On a “Today” show appearance meant to mark the 10th anniversary of Twitter (it’s Monday), chief executive and co-founder Jack Dorsey said on Friday that he’s never personally blocked anyone on the social network, despite Twitter’s perpetual problem of abuse and harassment.

“I get some complaints. I get some nastiness every now and then,” he said to Matt Lauer in response to questions about harassment on the site.“I can block people, I’ve never blocked anyone. I want to see what people are saying, and I want to hear from them.”

Blocking is the simplest tool in a growing kit available to users experiencing abuse and harassment on Twitter, and it’s one of the oldest (it was introduced in 2007). A “block” simply disables the ability of a blocked user from seeing your tweets. If that person visits your profile page, they’ll see a message letting them know that they’ve been blocked from viewing or following your account.

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In part because of its simplicity, blocking is one of the more popular ways for Twitter users to deal with trolling and nastiness. In fact, Twitter once tried to replace blocking with a less severe “mute” feature, which allowed users to see your tweets and interact with them, but hid that activity from your view. The change was wildly unpopular among many users — and the company reverted back to its traditional “block” feature within a day. Now, Twitter allows users to both mute and block at will.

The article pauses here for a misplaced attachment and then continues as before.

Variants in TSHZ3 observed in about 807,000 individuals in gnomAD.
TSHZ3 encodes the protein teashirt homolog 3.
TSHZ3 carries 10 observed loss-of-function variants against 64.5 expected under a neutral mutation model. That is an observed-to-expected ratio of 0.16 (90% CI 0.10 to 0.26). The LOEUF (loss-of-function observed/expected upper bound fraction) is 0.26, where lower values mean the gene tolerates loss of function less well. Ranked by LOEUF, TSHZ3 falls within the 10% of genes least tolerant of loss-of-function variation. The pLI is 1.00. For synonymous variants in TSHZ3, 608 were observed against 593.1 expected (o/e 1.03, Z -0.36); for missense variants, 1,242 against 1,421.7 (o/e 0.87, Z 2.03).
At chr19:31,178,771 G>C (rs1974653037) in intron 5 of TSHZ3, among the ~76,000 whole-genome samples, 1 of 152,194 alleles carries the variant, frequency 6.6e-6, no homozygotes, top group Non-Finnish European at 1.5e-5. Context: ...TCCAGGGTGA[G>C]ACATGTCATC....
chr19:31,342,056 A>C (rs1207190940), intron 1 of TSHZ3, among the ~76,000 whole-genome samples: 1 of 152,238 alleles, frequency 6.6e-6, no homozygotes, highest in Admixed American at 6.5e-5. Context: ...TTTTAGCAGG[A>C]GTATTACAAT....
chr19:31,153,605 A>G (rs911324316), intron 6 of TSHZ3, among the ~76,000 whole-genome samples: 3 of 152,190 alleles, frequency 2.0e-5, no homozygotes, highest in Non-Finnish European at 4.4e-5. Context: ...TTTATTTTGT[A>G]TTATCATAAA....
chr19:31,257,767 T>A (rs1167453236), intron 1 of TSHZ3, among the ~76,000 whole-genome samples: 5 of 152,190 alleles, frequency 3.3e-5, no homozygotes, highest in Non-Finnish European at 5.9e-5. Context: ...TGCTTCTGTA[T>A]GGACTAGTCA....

For verified users like Dorsey, Twitter has another anti-harassment tool available: an opt-in quality filter that hides some potentially abusive tweets from view. Lauer didn’t ask Dorsey if he actually uses this filter himself.

When asked about Twitter’s harassment problem overall, Dorsey said that it was “disappointing” but “reflective of the world,” and that “the most important thing is that we’re empowering dialogue.”

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The question about Dorsey’s (lack of a) personal block list came out of a series of questions from Lauer — which he said came from his Twitter followers — about censorship on Twitter, specifically whether Twitter was censoring tweets for “social or political” reasons.

That accusation has been gaining steam for a couple of reasons lately, including Twitter’s move toward an algorithmic (as opposed to a strictly chronological) approach to displaying tweets. As of this week, Twitter has turned on algorithmic feeds by default for all users.

Dorsey said Twitter was “absolutely not” censoring its users, yet acknowledged that Twitter’s terms of service don’t, technically speaking, allow users to say absolutely anything they want on the site. Some tweets violate Twitter’s terms of service. “There’s certainly tweets that promote violence,” Dorsey said.

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